The Hickory Meadows Landfill Gas-To-Energy (LFGTE) project located in Hilbert, Wisconsin is the first LFGTE developed by Veolia Energy North America. The project involved the construction of a building and installation of equipment that converts methane gas to energy. The 4.8-megawatt (MW) electrical generation facility has the capacity to generate 42,000 megawatt hours (MWh) of electricity per year, enough to power 2,800 homes. The facility includes three landfill reciprocating engine generator sets with a capacity of 1.6 MW each, fueled exclusively by the landfill gas. Landfill gas, which is normally burned off, is captured and sent via the landfill’s existing gas collection system to the LFGTE facility, where it is transformed into electricity and then sold to Wisconsin Public Service (WPS), the primary electricity and gas provider for northeastern Wisconsin residents. All of the power generated by the plant is purchased by WPS, along with the Renewable Energy Credits associated with the energy output.
As part of the 2005 Wisconsin Act 141, Wisconsin established a Renewable Portfolio Standard (RPS), requiring utilities to meet a gradually increasing percentage of retail sales with qualified renewable sources with the goal of providing 10% of the state’s retail energy needs from renewable resources by 2015.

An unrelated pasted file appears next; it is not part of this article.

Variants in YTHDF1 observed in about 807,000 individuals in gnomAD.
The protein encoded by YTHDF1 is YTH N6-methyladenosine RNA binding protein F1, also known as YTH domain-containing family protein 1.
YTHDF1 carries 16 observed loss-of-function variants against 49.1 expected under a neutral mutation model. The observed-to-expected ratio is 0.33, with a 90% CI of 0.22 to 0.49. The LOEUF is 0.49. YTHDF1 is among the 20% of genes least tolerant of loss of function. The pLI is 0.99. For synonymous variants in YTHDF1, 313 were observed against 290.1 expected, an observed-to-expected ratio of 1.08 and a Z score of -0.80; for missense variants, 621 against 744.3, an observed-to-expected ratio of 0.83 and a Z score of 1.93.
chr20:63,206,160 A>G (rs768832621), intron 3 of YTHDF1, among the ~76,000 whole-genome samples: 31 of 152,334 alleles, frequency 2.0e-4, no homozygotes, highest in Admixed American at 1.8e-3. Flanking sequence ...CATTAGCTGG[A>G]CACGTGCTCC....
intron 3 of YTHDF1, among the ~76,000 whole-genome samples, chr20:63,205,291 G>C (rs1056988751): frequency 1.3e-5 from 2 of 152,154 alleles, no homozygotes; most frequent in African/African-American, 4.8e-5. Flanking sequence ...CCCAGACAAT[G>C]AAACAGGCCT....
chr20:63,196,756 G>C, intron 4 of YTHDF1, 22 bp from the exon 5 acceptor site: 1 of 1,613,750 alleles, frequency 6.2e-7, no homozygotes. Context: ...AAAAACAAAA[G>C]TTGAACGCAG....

In addition to its environmental benefits, landfill gas qualifies as an eligible resource under Wisconsin’s RPS. The Hickory Meadow landfill gas-to-energy project helps WPS meet its RPS requirements. According to the U.S. Environmental Protection Agency (EPA) and its emission reductions and environmental benefits calculator, a 4.8 MW landfill gas-to-energy plant such as this is expected to achieve carbon dioxide emission reductions of over 25,000 tons per year, or the equivalent of removing 37,550 automobiles from the road each year.